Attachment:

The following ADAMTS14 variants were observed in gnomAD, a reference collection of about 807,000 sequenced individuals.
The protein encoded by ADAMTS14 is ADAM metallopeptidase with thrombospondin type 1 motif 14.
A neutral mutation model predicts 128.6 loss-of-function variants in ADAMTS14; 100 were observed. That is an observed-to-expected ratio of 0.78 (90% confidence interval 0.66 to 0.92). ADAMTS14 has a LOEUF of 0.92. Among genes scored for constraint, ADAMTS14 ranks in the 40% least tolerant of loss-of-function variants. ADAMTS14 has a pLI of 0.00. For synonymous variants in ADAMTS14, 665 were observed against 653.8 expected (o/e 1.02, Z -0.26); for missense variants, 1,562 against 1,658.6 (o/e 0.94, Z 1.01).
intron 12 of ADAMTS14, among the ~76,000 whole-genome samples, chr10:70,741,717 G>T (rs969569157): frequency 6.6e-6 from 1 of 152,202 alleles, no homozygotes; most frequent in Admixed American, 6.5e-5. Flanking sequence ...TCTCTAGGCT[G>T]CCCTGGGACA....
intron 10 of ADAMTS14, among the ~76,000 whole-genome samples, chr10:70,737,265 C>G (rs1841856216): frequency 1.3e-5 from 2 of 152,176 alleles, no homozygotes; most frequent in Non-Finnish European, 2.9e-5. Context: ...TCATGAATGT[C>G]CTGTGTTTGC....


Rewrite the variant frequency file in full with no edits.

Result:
The following ADAMTS14 variants were observed in gnomAD, a reference collection of about 807,000 sequenced individuals.
The protein encoded by ADAMTS14 is ADAM metallopeptidase with thrombospondin type 1 motif 14.
A neutral mutation model predicts 128.6 loss-of-function variants in ADAMTS14; 100 were observed. That is an observed-to-expected ratio of 0.78 (90% confidence interval 0.66 to 0.92). ADAMTS14 has a LOEUF of 0.92. Among genes scored for constraint, ADAMTS14 ranks in the 40% least tolerant of loss-of-function variants. ADAMTS14 has a pLI of 0.00. For synonymous variants in ADAMTS14, 665 were observed against 653.8 expected (o/e 1.02, Z -0.26); for missense variants, 1,562 against 1,658.6 (o/e 0.94, Z 1.01).
intron 12 of ADAMTS14, among the ~76,000 whole-genome samples, chr10:70,741,717 G>T (rs969569157): frequency 6.6e-6 from 1 of 152,202 alleles, no homozygotes; most frequent in Admixed American, 6.5e-5. Flanking sequence ...TCTCTAGGCT[G>T]CCCTGGGACA....
intron 10 of ADAMTS14, among the ~76,000 whole-genome samples, chr10:70,737,265 C>G (rs1841856216): frequency 1.3e-5 from 2 of 152,176 alleles, no homozygotes; most frequent in Non-Finnish European, 2.9e-5. Context: ...TCATGAATGT[C>G]CTGTGTTTGC....